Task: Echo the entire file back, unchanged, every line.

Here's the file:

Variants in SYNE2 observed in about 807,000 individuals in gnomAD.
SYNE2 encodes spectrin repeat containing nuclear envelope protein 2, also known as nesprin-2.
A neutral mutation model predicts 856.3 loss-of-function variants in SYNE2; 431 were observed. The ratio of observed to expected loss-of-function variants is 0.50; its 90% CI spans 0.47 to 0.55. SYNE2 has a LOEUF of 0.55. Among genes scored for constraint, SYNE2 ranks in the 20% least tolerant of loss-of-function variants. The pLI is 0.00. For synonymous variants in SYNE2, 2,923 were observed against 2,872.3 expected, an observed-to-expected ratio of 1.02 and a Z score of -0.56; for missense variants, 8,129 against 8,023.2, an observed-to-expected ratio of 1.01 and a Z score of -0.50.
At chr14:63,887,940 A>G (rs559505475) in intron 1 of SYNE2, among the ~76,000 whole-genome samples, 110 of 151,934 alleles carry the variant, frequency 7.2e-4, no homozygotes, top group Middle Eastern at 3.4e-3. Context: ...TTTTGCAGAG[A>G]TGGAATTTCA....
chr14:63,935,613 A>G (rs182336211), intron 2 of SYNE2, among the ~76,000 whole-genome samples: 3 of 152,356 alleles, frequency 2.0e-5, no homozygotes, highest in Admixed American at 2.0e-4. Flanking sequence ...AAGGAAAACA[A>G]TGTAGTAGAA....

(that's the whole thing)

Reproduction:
Variants in SYNE2 observed in about 807,000 individuals in gnomAD.
SYNE2 encodes spectrin repeat containing nuclear envelope protein 2, also known as nesprin-2.
A neutral mutation model predicts 856.3 loss-of-function variants in SYNE2; 431 were observed. The ratio of observed to expected loss-of-function variants is 0.50; its 90% CI spans 0.47 to 0.55. SYNE2 has a LOEUF of 0.55. Among genes scored for constraint, SYNE2 ranks in the 20% least tolerant of loss-of-function variants. The pLI is 0.00. For synonymous variants in SYNE2, 2,923 were observed against 2,872.3 expected, an observed-to-expected ratio of 1.02 and a Z score of -0.56; for missense variants, 8,129 against 8,023.2, an observed-to-expected ratio of 1.01 and a Z score of -0.50.
At chr14:63,887,940 A>G (rs559505475) in intron 1 of SYNE2, among the ~76,000 whole-genome samples, 110 of 151,934 alleles carry the variant, frequency 7.2e-4, no homozygotes, top group Middle Eastern at 3.4e-3. Context: ...TTTTGCAGAG[A>G]TGGAATTTCA....
chr14:63,935,613 A>G (rs182336211), intron 2 of SYNE2, among the ~76,000 whole-genome samples: 3 of 152,356 alleles, frequency 2.0e-5, no homozygotes, highest in Admixed American at 2.0e-4. Flanking sequence ...AAGGAAAACA[A>G]TGTAGTAGAA....